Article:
Detergent solubilization of the antigenic P32 fraction. To further determine the nature of the association of antigenic P32 fraction with membranes, and after treatment at pH 11, equal aliquots of the pellet P90,000 (100 μg) were resuspended in 1 ml of PBS pH 7.2 containing one of the following detergents: 1% TritonX-100 (TX-100), 1% Digitonin (Dig), 1% 3-[(3-Cholamidopropyl)dimethylamino]-17-propanesulfonate (CHAPS), 1% Sodium Cholate (Na Cholate), 1% Octyl-β-D-glucopyranoside (OG) or 0.5% Lauryidimethylamine oxide (LDAO). All samples were incubated for 1 h at 4° C. under vigorous agitation and were centrifuged for 1 h at 90,000 g, in a Beckman L7 ultracentrifuge using SW25-1 rotor, at 4° C. The supernatants were submitted to electrophoresis and subsequently immunoblotted.
Peptide Synthesis. The two prominent bands (P32 and P33 kDa) revealed by Coomassie blue and reactive with MVL sera but not ZCL sera, were cut apart from six preparative SDS-PAGE gels and digested, with sequencing grade lysine-C protease (Boehringer Mannheim) and trypsine (Sigma, Germany) in Tris-HCl 100 mM, pH 8.8 with 0.003% SDS or 0.01% Tween 20 (w/v), respectively. The enzyme/protein ratios were those recommended by the supplier'"'"'s instructions. The two mixtures were incubated for 18 h at 30° C. The peptides generated from the P32 and P33 bands, were purified by C18-DEAE HPLC column using a linear gradient of 2-35% and 2-45% acetonitril in 0.1% trifluroacetic acid (TFA) over40 min, respectively. Four different peptides: P1 and P2 and P3 and P4 containing 12, 15, 12 and 9 residues, deriving from the enzymatic digestion of the P32 and P33 bands respectively, were selected for amino acid sequencing, on the basis of peak homogeneity and prominence. The peptides were sequenced using an Applied Biosystems apparatus ABI 473. The four peptides sequenced were then chemically assembled by the solid-phase method (35) using a peptide synthesizer (model 433A; Applied Biosystem, Foster City, Calif.). Stepwise elongation of the peptide chain was carried on a 4-hydroxymethyl-phenoxymethyl resin (0.96 me/g) using optimized fluorenylmethyloxycarbonyl (Fmoc)/ter-butyl strategy. The Fmoc-amino acid derivatives were coupled as their hydroxybenzotriazole active esters in N-methylpyrrolidone. After trifluoroacetic acid cleavage, the crude peptides were purified by C18 reversed phase HPLC. The purified peptides were further characterized by: (i) analytical C18 reversed phase HPLC, (ii) amino acid analysis after acidolysis, and (iii) mass determination by matrix assisted laser desorption ionization-time of flight mass spectrometry.
Peptide-KLH conjugation and Rabbit immunization. The purified peptides were conjugated to keyhole limpet hemocyanin (KLH; Sigma, Germany.) through a N-terminal α-amino group using an homobifunctional reagent glutharaldehyde (GA; Sigma, Germany) by the procedure described by Pfaff et al. (45).
The conjugated peptides (250 μg/0.5 ml) were mixed with complete Freund'"'"'s adjuvant at a 1:1 ratio and inoculated intradermally to rabbits. Three booster doses were administrated at days 30, 60 and 90 using subcutaneous injection of the antigen admixed with incomplete Freund'"'"'s adjuvant (v/v). Rabbits were bled before immunization and ten days after each boost. Antibody titers were defined by ELISA.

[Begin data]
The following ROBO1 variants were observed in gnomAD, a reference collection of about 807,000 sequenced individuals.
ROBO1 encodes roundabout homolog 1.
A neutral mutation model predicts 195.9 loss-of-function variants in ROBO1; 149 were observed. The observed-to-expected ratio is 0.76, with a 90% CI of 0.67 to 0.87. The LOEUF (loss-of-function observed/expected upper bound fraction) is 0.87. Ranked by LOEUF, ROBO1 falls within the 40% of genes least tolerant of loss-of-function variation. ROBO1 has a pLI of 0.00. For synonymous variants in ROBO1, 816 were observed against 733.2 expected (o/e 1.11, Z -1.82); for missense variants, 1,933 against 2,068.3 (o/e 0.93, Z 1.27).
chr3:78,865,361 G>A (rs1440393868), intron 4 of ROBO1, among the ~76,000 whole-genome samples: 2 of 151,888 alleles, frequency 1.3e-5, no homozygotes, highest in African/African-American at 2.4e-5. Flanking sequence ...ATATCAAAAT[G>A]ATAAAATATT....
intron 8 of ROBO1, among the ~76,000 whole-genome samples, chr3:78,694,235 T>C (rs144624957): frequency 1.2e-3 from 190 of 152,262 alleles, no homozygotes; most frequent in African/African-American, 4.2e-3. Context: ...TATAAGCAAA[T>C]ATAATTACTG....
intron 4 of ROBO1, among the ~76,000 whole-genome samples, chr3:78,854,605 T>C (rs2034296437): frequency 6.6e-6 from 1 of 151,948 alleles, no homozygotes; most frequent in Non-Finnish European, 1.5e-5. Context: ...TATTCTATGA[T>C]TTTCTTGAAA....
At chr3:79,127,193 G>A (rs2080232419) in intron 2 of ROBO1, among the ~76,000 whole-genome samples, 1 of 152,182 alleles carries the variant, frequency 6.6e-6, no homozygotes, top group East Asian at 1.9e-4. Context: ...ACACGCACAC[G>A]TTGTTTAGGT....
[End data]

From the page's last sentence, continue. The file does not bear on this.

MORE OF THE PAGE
Enzyme- linked immunosorbent assay (ELISA.). Rabbit antisera to P32 or P33 derived synthetic peptides and pooled MVL sera were checked for their ability to react with the immunizing peptides, by an indirect ELISA according to Voller et al. (62) and Pffaf et al. (45) with some modifications. Polystyrene 96-well plates (Nunc) were coated overnight at +4° C. or for two hours at 37° C. with 50 μl of synthetic peptides (10 μg/ml) diluted in phosphate-buffered saline (PBS: 10 mM, pH 7.4). Excess coating buffer was flicked off and non-specific binding sites were blocked with 5% skimmed milk in PBS containing 0.1% Tween 20 (PBS-T-M) for 1 h at 37° C. After three washes with 0.1% Tween 20 in PBS (PBS-T), the plates were incubated for 2 h at 37° C. in presence of 50 μl anti-peptide antisera, taken from the different rabbit sera (dilutions from 1/100 and up to 1:105) or MVL sera pool (diluted at 1/100 in PBS-T-M). Unbound antibodies were washed off five times as above, and peroxidase-conjugated donkey anti-rabbit or sheep anti-human immunoglobulin (Amersham Life Science International plc, England U.K) diluted at 1/2000 and at 1/1000 in PBS-T respectively, were added and followed by incubation for 1 h at 37° C. Unbound conjugate was washed off six times, and 100 μl of orthophenylene diamine (Sigma, Germany) (1 mg/ml, w/v) dissolved in citrate buffer 100 mM, pH 5.0 containing 0.03% (v/v) hydrogen peroxide (H2O2) were subsequently added. The plates were incubated for 20 min at room temperature in the dark, and the reactions were stopped by addition of 50 μl per well of a 4N sulphuric acid solution (H2SO4). The optical density was measured at 492 nm in an ELISA reader (Titerteck-multiskan, Helsinki, Finland), and titers were defined when necessary.
Two-dimensional electrophoresis (2D-PAGE). Two-dimensional NEPHGE/SDS-PAGE was performed according to O'"'"'Farell et al. (39) with minor modifications (43). Briefly, proteins were separated in the first dimension using two ampholytes ratio: 1:1:2 or 1:3 (pH 3/10-pH 5/7-pH 6/8) respectively. The run was carried out in the opposite direction as compared to the typical isoelectric focusing gel (IEF). Phosphoric acid (0.011 M H3PO4) was placed in the upper chamber and NaOH (0.1 M) solution in the lower one. The connections to the power supply were also reversed. The optimised migration conditions corresponded to: 200 V for 30 min then 300 V for 30 min and 400 V for 6 H, at 20° C. The second dimension (SDS-PAGE) was performed as described above.
The protein concentration was evaluated by Bradford'"'"'s protein assay (9) modified by Ramagli et Rodriguez (50).